Further, under this generous reading, the talent's effect continues no matter how many opponents have been designated or have had their weaknesses exploited. That is, like Dale's answer explains, the smart hero gets a metaphorical cookie each round after the first.

This second reading requires the smart hero's player to track separately both the foes that have been designated and if those foes' weaknesses have been exploited. Because it's more complicated than only tracking whether the smart hero has exploited the weakness of a lone designated foe, this second reading is unlikely to have much traction with the GM, but, as many d20 Modern special abilities are at least disappointing if not outright disempowering, scrounging for any edge—no matter how small—might be worthwhile.

Challenging the frame

Official sources included, my research shows that few folks care enough about the talent exploit weakness to mention it. The most poignant fan assessment of the talent I found asks What d20 Modern character does not have Dexterity as his second highest ability score? That is, there are likely better talents to take than this one, which—no matter how the talent's read—allows a character, after the first (and most important) round of combat to sacrifice a move action to make a nontrivial ability score check and, if successful, gain against a specific lone foe a +1 to +3 bonus on attack rolls. In other words, to challenge the frame a bit, does the character already have the talent plan?

(Also, consider investigating Back to Basics, a conversion of sorts of d20 Modern's classes to Spycraft 2.0… for inspiration if nothing else. While I've a playtest credit on this supplement, I receive no other compensation for my shilling. I just want more folks playing Spycraft 2.0.)

| improve this answer | |
\$\endgroup\$
1
\$\begingroup\$

The description is outlining an ability and when you may use your ability. It's in a similar vein to a mother telling their child 'you may eat cookies, but not until after you've had dinner'. The child may eat one cookie, or ten cookies, or chocolate chip ones or oatmeal ones in any order of preference, but only if they've had dinner first.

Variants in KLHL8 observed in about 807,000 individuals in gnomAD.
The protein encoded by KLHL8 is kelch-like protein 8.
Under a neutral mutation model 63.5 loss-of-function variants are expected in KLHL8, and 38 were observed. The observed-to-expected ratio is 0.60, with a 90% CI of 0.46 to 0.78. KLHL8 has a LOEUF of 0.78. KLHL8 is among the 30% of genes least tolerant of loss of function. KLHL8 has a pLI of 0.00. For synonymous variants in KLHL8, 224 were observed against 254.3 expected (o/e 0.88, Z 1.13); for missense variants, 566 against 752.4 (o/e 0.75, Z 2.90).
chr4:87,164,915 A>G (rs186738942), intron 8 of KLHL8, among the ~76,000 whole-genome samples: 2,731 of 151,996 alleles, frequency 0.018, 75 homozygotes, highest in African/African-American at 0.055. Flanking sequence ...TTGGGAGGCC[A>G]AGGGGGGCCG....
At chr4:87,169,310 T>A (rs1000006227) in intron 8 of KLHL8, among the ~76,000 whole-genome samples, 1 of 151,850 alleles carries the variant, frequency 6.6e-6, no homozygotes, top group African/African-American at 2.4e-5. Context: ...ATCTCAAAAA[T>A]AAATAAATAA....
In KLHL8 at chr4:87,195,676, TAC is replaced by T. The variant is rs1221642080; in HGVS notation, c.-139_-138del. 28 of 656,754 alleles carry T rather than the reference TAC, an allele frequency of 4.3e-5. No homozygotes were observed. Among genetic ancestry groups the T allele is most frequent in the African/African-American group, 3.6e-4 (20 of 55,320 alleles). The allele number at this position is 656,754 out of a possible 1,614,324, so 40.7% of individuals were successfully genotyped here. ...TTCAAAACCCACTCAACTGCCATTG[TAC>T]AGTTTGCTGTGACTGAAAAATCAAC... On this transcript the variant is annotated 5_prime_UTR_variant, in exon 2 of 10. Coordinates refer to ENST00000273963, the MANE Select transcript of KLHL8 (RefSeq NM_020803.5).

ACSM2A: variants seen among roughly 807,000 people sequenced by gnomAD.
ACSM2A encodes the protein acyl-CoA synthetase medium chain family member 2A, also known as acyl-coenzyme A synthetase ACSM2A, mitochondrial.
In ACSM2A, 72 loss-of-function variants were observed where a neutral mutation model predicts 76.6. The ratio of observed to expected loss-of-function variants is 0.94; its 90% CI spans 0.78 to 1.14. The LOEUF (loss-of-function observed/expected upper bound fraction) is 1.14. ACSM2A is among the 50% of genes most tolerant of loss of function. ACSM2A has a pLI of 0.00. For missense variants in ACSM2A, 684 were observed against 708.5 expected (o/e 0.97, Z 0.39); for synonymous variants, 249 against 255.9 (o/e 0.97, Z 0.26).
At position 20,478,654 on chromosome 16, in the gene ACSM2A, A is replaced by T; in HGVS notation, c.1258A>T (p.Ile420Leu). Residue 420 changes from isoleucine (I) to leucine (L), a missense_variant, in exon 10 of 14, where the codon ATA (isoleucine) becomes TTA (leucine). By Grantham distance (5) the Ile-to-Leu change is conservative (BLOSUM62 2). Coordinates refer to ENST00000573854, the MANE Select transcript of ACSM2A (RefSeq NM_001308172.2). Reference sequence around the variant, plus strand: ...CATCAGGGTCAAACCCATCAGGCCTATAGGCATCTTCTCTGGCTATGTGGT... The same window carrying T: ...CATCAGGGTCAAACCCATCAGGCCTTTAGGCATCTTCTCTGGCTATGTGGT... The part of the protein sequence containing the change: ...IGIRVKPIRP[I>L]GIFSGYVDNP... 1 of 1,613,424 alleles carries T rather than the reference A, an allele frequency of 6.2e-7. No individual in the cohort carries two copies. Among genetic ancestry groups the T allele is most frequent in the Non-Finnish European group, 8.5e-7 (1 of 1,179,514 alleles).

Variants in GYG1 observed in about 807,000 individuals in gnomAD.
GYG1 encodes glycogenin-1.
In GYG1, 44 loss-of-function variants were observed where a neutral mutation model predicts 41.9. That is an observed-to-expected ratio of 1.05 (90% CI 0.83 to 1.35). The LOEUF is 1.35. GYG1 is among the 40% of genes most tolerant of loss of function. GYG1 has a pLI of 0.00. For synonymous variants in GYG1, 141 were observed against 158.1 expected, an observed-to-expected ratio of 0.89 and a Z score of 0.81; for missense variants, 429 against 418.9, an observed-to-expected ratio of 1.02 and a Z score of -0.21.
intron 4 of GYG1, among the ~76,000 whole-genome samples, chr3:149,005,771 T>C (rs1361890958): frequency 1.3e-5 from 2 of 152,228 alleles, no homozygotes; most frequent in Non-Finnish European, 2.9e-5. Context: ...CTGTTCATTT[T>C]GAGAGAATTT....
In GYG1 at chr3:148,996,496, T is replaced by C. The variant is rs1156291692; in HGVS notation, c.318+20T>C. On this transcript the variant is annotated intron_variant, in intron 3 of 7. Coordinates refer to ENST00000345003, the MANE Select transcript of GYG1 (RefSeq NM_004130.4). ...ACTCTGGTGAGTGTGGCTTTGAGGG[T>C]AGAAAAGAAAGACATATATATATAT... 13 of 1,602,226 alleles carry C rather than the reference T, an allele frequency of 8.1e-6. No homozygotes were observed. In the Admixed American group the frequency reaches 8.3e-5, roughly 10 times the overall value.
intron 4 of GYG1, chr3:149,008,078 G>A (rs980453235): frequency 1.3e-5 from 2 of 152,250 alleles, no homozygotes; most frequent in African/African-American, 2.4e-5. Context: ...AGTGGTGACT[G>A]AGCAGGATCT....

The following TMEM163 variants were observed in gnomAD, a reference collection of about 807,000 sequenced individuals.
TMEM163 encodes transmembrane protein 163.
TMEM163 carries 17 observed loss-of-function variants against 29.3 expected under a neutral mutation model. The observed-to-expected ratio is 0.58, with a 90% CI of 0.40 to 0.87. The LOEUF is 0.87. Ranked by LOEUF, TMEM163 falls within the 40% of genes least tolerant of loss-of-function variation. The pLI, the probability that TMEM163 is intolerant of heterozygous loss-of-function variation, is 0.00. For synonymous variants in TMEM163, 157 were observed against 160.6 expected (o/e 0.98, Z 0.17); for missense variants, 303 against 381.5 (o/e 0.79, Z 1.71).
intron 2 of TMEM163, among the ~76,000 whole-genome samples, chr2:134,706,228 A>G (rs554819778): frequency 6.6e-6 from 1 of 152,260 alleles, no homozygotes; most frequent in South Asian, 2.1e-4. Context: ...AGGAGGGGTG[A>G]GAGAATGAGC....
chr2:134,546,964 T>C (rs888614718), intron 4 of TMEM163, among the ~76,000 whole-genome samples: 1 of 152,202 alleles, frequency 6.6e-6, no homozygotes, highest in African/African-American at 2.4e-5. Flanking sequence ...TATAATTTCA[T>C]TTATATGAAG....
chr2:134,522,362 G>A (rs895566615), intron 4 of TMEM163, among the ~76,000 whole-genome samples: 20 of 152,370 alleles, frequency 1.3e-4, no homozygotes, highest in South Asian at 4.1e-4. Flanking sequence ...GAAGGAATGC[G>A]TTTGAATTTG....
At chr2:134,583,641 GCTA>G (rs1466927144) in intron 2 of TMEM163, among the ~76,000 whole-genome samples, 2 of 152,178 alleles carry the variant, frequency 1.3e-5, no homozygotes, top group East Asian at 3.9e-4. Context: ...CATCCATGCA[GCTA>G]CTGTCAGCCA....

A character may not try to exploit a weakness on the first round of combat with a particular foe, but once that round has elapsed, they may attempt to exploit weakness as many times as they wish, provided they can spend the move action to do so. They must designate an opponent to exploit the weakness of and the effect will apply to that opponent only, if the check succeeds. This doesn't mean, though, that they can not try to exploit a second opponent also. It means they may only exploit one opponent per move action and successful intelligence check.

In keeping with the cookie theme, if we rewrite the ability for cookie eating, we'd have something like this:

Eat cookie: After opening the cookie jar, the hero can designate one cookie and try to eat it. The hero uses a move action and makes an dexterity check (DC 15) with a bonus equal to his or her eat cookie level. If the check succeeds, for the rest of the eternity, the cookie is eaten.

Intuitively, you can eat as many cookies as you want, but not until the cookie jar is open. Each cookie can be eaten only once, and only one cookie at a time, though. If you fail to pick up the cookie once or more, then you can try to pick it up again until you eat it.

| improve this answer | |
\$\endgroup\$

Your Answer

By clicking “Post Your Answer”, you agree to our terms of service, privacy policy and cookie policy

Not the answer you're looking for? Browse other questions tagged or ask your own question.